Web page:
Blue Chip thumb pick

Blue Chip thumbpickThe folks at Blue Chip Picks, whose line of composite flatpicks have hit the mark with some of the top guitarists and mandolinists in bluegrass music, have now released a line of thumbpicks for banjo players.

The pick material is riveted onto the blade of a metal thumbpick band, and I must say that after playing with one for a short time, the pick struck me as quite comfortable, and produced a very nice tone.

Blue Chip has a patent pending for the pick material, which they describe as follows…

They are made of a specially formulated composite material that will withstand very high temperatures and is extremely wear resistant. It contains special lubricants which make the picks very fast off the strings.

Many users of the flatpicks have agreed that these Blue Chip picks capture both the feel and tone of tortoise shell, without the wear and maintenance issues associated with shell – not to mention the fact that these are easily available and 100% legal.

Blue Chip thumbpickAmong banjo players, they have the hurdle of overcoming a traditional resistance to metal thumbpicks. Those who especially favor the way a shell picks feel around the thumb will miss that with these picks, but some experimenting with thumb attack should allow them to get the same tone.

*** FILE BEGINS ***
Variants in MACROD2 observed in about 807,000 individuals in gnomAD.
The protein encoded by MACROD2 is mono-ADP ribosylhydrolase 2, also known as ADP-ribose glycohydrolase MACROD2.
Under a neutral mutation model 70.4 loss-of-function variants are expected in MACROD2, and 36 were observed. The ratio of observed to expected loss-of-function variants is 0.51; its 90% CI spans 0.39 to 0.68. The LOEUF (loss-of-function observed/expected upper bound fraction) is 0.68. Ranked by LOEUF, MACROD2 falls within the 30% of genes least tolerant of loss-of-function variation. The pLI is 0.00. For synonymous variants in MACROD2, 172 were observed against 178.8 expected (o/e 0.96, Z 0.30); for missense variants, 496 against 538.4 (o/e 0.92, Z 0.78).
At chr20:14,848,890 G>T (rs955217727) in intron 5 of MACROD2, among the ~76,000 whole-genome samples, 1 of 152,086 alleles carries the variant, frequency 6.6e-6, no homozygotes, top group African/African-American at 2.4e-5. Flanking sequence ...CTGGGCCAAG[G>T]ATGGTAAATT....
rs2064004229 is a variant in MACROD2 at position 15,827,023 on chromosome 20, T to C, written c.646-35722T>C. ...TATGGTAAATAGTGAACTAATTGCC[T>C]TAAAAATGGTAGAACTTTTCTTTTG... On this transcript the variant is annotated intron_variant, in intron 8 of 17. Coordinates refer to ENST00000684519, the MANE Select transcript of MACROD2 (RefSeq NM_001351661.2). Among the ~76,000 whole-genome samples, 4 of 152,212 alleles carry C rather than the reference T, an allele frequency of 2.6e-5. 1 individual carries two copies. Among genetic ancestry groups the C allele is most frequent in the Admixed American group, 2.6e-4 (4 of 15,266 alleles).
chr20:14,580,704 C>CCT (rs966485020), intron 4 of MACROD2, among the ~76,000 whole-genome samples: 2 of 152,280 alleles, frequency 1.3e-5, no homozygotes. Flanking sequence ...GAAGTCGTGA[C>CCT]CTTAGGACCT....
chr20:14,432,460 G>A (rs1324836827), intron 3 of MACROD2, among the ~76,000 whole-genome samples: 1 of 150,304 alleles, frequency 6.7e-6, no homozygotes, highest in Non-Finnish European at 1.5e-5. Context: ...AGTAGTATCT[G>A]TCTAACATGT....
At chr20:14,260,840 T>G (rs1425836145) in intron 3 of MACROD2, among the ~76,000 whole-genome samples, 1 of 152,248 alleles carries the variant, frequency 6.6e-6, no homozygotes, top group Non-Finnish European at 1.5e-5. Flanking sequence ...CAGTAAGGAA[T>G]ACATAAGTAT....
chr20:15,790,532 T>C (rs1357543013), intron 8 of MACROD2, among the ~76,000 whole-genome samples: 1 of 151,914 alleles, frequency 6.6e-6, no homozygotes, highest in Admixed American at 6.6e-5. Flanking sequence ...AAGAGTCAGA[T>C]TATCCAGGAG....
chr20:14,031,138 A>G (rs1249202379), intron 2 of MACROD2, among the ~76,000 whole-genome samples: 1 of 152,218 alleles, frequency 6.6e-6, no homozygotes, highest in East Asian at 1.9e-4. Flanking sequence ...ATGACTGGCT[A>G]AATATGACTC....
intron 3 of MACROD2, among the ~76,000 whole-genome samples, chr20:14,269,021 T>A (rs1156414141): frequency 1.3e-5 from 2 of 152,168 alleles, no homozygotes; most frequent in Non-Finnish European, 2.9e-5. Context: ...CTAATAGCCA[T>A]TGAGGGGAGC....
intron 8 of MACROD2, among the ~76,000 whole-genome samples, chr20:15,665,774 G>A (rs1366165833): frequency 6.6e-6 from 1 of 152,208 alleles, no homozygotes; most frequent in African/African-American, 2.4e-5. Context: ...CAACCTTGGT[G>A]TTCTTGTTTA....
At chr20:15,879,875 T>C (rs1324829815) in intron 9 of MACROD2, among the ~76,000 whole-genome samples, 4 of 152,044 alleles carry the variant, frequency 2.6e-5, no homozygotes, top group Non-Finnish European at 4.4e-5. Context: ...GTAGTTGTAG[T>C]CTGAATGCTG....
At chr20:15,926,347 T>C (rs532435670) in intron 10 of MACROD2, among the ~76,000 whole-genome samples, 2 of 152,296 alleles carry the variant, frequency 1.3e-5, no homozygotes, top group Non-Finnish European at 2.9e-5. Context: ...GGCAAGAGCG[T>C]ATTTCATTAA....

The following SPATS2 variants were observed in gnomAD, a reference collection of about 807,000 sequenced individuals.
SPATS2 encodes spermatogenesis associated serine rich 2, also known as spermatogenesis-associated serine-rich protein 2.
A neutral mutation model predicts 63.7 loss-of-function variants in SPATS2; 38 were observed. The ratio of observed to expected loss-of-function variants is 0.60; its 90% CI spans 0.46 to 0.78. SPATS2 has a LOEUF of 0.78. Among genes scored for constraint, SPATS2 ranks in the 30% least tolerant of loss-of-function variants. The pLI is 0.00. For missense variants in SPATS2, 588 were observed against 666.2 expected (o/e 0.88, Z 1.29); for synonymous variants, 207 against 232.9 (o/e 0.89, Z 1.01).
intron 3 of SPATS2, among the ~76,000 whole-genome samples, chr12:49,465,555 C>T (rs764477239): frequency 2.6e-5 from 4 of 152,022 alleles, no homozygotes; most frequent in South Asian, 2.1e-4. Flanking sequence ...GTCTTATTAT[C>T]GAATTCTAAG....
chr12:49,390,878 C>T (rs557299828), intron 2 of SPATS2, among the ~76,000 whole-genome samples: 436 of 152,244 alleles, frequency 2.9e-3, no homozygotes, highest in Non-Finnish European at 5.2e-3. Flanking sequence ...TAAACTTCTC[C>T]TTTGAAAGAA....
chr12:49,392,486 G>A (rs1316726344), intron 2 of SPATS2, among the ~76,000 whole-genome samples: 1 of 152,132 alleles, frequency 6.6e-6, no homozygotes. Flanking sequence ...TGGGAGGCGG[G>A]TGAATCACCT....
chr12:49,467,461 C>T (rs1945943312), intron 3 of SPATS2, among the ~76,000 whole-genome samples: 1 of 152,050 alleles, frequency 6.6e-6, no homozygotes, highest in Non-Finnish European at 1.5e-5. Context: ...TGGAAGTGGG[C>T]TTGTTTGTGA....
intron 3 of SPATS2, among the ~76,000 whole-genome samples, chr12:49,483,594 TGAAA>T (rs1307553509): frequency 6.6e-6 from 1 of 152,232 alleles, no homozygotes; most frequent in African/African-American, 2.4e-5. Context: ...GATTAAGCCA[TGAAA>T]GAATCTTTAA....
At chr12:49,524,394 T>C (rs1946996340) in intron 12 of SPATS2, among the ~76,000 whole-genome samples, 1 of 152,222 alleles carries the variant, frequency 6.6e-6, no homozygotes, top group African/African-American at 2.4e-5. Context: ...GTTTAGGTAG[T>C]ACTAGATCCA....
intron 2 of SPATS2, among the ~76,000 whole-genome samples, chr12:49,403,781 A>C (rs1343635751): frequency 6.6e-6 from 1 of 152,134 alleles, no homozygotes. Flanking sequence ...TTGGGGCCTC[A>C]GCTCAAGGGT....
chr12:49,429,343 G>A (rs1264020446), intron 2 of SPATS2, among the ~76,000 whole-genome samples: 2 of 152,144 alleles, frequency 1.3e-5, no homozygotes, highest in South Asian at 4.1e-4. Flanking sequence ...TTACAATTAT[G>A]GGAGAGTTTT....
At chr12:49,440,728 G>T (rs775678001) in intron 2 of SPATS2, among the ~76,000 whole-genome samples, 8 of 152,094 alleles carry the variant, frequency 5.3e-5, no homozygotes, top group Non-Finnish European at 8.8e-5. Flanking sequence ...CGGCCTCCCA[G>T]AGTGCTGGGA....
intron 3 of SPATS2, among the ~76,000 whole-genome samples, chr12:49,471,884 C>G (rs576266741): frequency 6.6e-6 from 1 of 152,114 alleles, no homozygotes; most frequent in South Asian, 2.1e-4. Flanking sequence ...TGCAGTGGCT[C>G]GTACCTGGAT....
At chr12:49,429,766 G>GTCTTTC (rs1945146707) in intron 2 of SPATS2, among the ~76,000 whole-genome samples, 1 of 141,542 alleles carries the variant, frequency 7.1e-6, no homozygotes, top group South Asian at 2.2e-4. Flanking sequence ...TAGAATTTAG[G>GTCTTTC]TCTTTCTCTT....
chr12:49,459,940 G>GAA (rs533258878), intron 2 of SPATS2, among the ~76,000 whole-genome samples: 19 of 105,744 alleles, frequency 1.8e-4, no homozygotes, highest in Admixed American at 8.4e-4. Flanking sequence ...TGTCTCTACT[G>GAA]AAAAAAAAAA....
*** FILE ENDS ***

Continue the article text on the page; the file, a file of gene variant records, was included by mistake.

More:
Metal bands, of course, are much easier to shape, and won’t tend to expand and “open up” from the heat of your hand. Pickers who are more accustomed to the lower cost of plastic thumbpicks may balk at the $40 cost per pick, but that would not be high for shell, and higher quality fingerpicks can sell for nearly this amount.

Blue Chip offers two different pick blade styles, each available in a large and medium size. One style is designed to largely mimic the blade size and angle of a National ® pick, and the other Рdesigned in cooperation with JD Crowe -has a wider, shorter blade.

You can find additional photos and more details on the Blue Chip Picks web site.

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About the Author

John Lawless

John had served as primary author and editor for The Bluegrass Blog from its launch in 2006 until being folded into Bluegrass Today in September of 2011. He continues in that capacity here, managing a strong team of columnists and correspondents.